OPINION: Parliamentary politics is often viewed as something of a circus, and if what goes on in Wellington doesn't quite qualify yet, should it sink to that level any time soon, there's a sideshow already running to help members of the House feel at home.
The ongoing saga of ACC Minister Judith Collins and her attempts to sue Labour MPs Trevor Mallard and Andrew Little over comments she said defamed her, in relation to the recent ACC privacy breach, has become nothing short of farcical. To the point that one is forced to wonder what possible positive purpose it can now serve for either party.
Not that the right of Ms Collins to take action in response to a perceived slight on her reputation should be questioned, but it must be proving an unwelcome distraction for her party, the needs of which surely outweigh her own. It's hardly been a smooth recent ride for National.
It doesn't help that she took some time to initiate the action against the pair, perhaps believing they might deliver the requested apology, faced with the threat of legal action. In response to which anyone who's observed our major parties in action could surely have exclaimed: "Come on Crusher, what are the chances?" There was simply no way the Labour pair were going to go along with that.
Leaving aside entirely the merits of her case against Labour's long-time bovver boy and a new, formidable presence in its thinning ranks, it should be obvious to an experienced politician like Ms Collins that in the robust environment that is our parliament, perceived slights regularly pass between parties without legal action as the outcome. To an extent, it comes with the territory.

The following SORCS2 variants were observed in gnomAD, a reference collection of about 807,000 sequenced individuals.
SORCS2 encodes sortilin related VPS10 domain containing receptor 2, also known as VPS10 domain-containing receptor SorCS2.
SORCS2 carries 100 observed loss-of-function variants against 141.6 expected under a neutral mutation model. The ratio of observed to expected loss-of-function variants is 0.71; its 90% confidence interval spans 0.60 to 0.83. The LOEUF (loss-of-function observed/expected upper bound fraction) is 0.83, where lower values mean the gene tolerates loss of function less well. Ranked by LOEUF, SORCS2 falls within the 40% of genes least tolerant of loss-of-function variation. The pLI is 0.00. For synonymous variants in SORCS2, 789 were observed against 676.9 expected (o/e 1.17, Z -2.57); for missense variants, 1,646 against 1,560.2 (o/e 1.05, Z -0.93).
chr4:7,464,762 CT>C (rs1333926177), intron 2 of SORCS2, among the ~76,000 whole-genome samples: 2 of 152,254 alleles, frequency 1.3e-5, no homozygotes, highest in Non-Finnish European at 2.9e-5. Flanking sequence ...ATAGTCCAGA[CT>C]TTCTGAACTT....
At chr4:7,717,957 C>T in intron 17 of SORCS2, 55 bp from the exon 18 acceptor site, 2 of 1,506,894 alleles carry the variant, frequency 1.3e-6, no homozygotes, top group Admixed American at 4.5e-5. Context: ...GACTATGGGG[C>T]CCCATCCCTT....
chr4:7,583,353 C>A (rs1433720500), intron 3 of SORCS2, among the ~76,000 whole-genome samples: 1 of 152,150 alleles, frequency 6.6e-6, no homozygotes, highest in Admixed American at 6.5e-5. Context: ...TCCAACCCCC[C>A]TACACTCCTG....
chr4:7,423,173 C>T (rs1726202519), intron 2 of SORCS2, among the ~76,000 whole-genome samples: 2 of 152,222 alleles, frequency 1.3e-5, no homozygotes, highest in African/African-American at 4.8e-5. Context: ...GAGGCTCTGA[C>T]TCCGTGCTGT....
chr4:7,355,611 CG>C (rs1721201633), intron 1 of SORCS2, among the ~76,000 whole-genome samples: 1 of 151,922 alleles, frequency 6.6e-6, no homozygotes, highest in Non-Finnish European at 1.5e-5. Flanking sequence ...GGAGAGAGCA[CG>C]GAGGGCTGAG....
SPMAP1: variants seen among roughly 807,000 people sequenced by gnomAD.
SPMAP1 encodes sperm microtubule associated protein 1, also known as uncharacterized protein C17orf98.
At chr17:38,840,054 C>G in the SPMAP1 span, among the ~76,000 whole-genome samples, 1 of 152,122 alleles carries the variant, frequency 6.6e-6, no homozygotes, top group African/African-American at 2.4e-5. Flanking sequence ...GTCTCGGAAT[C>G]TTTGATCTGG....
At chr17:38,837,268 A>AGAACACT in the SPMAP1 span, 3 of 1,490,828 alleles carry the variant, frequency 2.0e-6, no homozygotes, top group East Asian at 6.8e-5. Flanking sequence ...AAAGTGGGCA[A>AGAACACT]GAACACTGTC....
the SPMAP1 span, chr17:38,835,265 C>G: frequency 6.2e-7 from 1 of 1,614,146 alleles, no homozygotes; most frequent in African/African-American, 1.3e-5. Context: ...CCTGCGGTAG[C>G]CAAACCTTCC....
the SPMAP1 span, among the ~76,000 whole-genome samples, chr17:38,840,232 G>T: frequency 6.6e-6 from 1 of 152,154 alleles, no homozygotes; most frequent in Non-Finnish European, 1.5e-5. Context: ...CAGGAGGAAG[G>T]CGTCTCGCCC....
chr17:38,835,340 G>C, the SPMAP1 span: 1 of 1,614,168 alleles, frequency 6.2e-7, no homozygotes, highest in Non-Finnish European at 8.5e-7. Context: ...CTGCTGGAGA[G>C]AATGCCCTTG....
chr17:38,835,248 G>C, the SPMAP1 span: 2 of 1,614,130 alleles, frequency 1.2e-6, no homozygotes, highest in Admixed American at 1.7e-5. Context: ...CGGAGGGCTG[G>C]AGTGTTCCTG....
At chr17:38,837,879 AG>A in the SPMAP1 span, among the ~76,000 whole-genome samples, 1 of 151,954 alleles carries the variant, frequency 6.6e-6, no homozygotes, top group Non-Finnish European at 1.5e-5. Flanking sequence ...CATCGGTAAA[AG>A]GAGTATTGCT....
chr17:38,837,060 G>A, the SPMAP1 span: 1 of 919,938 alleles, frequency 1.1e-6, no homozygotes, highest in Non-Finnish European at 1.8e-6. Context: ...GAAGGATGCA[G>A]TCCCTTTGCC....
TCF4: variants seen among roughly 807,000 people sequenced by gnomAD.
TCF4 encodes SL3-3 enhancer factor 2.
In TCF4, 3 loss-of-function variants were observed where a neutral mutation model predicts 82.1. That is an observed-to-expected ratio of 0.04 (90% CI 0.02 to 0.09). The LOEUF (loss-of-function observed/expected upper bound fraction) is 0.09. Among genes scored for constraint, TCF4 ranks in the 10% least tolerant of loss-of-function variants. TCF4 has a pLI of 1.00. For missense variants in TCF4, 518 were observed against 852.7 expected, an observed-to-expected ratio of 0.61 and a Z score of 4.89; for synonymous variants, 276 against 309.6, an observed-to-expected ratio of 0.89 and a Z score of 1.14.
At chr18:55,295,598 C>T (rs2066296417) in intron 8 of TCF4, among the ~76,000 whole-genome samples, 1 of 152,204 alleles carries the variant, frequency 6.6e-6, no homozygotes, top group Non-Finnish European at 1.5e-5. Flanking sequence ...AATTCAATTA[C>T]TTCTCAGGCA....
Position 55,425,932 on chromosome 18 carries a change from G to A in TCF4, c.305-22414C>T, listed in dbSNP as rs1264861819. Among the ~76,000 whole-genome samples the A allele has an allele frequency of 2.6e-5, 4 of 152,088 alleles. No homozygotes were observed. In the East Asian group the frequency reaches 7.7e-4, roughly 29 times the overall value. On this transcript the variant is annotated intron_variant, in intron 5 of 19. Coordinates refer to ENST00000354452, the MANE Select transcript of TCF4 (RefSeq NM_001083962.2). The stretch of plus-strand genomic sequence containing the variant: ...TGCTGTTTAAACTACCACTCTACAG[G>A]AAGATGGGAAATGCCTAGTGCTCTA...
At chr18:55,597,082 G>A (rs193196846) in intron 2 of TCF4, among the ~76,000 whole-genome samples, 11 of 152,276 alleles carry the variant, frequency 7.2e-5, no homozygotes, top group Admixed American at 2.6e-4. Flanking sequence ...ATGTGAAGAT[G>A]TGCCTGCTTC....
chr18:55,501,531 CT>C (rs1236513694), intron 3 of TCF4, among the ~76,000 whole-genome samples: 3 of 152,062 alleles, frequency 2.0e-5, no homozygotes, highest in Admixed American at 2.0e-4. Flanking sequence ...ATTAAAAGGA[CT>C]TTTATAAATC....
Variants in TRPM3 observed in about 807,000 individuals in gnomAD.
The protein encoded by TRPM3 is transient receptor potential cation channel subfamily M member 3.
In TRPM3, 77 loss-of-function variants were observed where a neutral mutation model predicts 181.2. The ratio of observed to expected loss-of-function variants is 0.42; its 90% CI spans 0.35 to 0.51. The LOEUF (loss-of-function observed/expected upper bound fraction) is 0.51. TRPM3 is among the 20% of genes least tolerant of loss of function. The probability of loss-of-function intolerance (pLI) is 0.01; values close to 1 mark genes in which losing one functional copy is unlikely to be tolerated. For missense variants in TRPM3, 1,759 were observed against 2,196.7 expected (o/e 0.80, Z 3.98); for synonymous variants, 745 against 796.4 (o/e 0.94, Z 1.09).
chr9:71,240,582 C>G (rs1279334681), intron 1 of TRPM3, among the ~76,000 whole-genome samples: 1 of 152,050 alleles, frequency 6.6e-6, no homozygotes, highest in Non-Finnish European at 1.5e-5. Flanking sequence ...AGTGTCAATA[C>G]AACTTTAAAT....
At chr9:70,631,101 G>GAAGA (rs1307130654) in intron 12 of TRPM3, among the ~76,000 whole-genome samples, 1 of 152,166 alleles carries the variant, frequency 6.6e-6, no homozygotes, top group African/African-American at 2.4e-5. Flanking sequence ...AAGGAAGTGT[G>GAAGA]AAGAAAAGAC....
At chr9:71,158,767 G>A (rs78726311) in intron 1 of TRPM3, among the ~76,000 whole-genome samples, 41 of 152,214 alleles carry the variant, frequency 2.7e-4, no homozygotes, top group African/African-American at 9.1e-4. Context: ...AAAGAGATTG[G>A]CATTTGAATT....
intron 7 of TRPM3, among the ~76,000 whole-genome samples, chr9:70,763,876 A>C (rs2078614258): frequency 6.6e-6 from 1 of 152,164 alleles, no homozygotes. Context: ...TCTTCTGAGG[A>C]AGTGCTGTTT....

Certainly Messrs Mallard and Little have contributed to the farcical nature of this process. Having undertaken to make life as difficult as possible for those charged with serving legal papers on them, they have helped to set off a game of cat and mouse that has reached ridiculous proportions.
The latest episode came yesterday when Mr Mallard said he was served papers by an elderly woman, purportedly a victim of poor hospital treatment, on whose behalf an appointment had been arranged with him.
"She pulled out the papers and told me I was served and I said `thank you very much' and took a photo of her," Mr Mallard said. He then posted the picture on his Twitter account, ensuring extensive media coverage.
In theory, a case could proceed from here, but it's hard to believe the leaders of the major parties would be happy with the sideshow, the distraction, this has become. These are politicians who are supposed to be running the country, not playing silly buggers.
Perhaps it's time for John Key and David Shearer to tell their respective colleagues to pull their heads in and get on with their jobs.
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